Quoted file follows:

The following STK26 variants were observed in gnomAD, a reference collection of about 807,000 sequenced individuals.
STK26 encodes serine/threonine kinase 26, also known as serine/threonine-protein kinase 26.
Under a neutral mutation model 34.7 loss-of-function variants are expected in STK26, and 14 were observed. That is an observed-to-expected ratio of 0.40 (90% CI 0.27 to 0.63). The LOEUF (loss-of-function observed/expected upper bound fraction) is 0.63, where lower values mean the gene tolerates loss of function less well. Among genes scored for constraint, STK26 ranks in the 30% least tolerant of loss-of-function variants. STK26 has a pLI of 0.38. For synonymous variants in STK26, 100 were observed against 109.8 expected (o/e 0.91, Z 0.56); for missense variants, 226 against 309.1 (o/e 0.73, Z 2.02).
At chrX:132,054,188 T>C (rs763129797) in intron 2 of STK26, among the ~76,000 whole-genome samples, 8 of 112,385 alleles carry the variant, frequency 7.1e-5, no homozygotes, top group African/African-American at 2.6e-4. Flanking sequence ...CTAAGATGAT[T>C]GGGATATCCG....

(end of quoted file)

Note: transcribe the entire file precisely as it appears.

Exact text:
The following STK26 variants were observed in gnomAD, a reference collection of about 807,000 sequenced individuals.
STK26 encodes serine/threonine kinase 26, also known as serine/threonine-protein kinase 26.
Under a neutral mutation model 34.7 loss-of-function variants are expected in STK26, and 14 were observed. That is an observed-to-expected ratio of 0.40 (90% CI 0.27 to 0.63). The LOEUF (loss-of-function observed/expected upper bound fraction) is 0.63, where lower values mean the gene tolerates loss of function less well. Among genes scored for constraint, STK26 ranks in the 30% least tolerant of loss-of-function variants. STK26 has a pLI of 0.38. For synonymous variants in STK26, 100 were observed against 109.8 expected (o/e 0.91, Z 0.56); for missense variants, 226 against 309.1 (o/e 0.73, Z 2.02).
At chrX:132,054,188 T>C (rs763129797) in intron 2 of STK26, among the ~76,000 whole-genome samples, 8 of 112,385 alleles carry the variant, frequency 7.1e-5, no homozygotes, top group African/African-American at 2.6e-4. Flanking sequence ...CTAAGATGAT[T>C]GGGATATCCG....